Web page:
Why Good Nutrition Starts with Cooking at Home
How many of us yearn for the ‘good old days’ when life was simpler? We think of the days of our grandparents and great-grandparents when the family would gather around the dinner table every evening for a great home-cooked meal and some pleasant conversation. We long for that family bonding that seems so lacking in our hurried world. Yet what we look on fondly as a family experience is also the key to good nutrition.
When I work with families on improving their overall nutrition, one of the first things I recommend is home cooking. And make no mistake, home cooking is not buying canned food and frozen meats and vegetables that can be thrown into the microwave. It is not going to the grocery store and picking up a fully prepared meal at the deli. Home cooking is purchasing ingredients yourself and making everything from scratch.
Cooking at home forces one to pay attention to the ingredients being used. It also lends itself well to using fresh foods rather than their processed counterparts. Cooking at home forces you to think about good nutrition. And as long as you are making the effort to cook delicious meals that will not bust your budget, you might as well choose fresh and healthy ingredients at the same time.
Poor Nutrition Is No Coincidence
The conclusion of World War II brought with it a remarkable change in the American lifestyle. With so much leisure time on our hands, we were no longer content to spend time at home like our parents and grandparents did. We were, however, more inclined to embrace dual income families and an extensive list of leisure activities that took place outside of the home. This gave rise to a cottage industry that brought us TV dinners, canned vegetables, and all sorts of processed foods.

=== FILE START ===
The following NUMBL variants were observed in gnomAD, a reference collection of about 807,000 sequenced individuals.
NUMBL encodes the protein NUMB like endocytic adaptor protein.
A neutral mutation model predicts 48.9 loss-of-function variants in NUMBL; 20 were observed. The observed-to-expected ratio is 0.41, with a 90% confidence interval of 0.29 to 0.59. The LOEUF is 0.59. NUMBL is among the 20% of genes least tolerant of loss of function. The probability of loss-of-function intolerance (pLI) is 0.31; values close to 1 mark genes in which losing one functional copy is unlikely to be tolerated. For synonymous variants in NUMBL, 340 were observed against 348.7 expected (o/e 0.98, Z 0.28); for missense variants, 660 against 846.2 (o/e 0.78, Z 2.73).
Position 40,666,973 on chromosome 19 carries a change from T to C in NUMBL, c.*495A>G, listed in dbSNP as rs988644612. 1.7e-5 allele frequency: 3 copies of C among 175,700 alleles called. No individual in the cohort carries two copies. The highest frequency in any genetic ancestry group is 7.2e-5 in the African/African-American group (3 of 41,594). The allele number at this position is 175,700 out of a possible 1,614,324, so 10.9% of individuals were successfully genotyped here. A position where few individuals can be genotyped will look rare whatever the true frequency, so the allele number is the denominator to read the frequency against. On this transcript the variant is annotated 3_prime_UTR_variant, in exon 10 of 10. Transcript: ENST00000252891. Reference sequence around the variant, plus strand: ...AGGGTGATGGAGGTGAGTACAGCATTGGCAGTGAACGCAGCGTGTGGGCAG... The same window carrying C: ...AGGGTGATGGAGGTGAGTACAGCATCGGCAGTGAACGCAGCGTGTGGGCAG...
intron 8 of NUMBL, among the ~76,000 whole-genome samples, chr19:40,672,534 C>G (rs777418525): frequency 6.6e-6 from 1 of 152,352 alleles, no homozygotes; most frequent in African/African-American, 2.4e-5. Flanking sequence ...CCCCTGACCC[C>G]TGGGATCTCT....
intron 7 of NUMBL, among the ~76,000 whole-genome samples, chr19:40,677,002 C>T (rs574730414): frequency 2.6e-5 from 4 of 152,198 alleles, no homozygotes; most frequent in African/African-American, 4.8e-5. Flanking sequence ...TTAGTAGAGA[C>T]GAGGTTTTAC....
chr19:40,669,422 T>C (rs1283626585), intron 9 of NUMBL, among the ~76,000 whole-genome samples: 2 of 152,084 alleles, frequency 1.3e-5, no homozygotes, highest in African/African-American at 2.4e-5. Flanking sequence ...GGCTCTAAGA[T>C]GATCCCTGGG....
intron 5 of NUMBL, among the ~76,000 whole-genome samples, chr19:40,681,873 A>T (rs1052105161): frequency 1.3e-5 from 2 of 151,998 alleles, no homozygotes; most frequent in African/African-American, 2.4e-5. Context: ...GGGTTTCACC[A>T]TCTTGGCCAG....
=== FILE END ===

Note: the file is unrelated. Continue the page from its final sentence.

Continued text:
It should be obvious that the poor nutrition most of us know today is not a coincidence. It is a direct result of us abandoning our kitchens in favor of letting someone else do the cooking. It’s easy to buy something that’s already prepared and waiting for you; it is easy to take the take-out shortcut because we are too busy to cook.
Learning to Cook Can Change Everything
One thing I have discovered in my years of practicing naturopathic medicine is that learning to cook can change everything. The first thing that happens when a person learns to cook is the experience of enjoying the satisfaction that comes with a good meal. That satisfaction becomes motivation to try again. And with that motivation is the desire to try new recipes.
It’s not long before the person who learns to cook begins to take ownership of his or her kitchen. And then it is very simple to instruct that person in how to make nutritionally-wise choices in food preparation. In essence, good nutrition is the engine that drives healthy living; learning to cook at
home is the fuel that makes that engine run.
Let me encourage you to consider taking an active role in improving your nutrition. Educate yourself about how to eat right on a daily basis. And while you’re at it, learn how to cook at home. Someone in
your family or circle of friends can teach you plenty of great techniques and secrets that you can use in your kitchen; techniques and secrets that will improve what you eat and bring your family together around the dinner table every evening – just the way it used to be.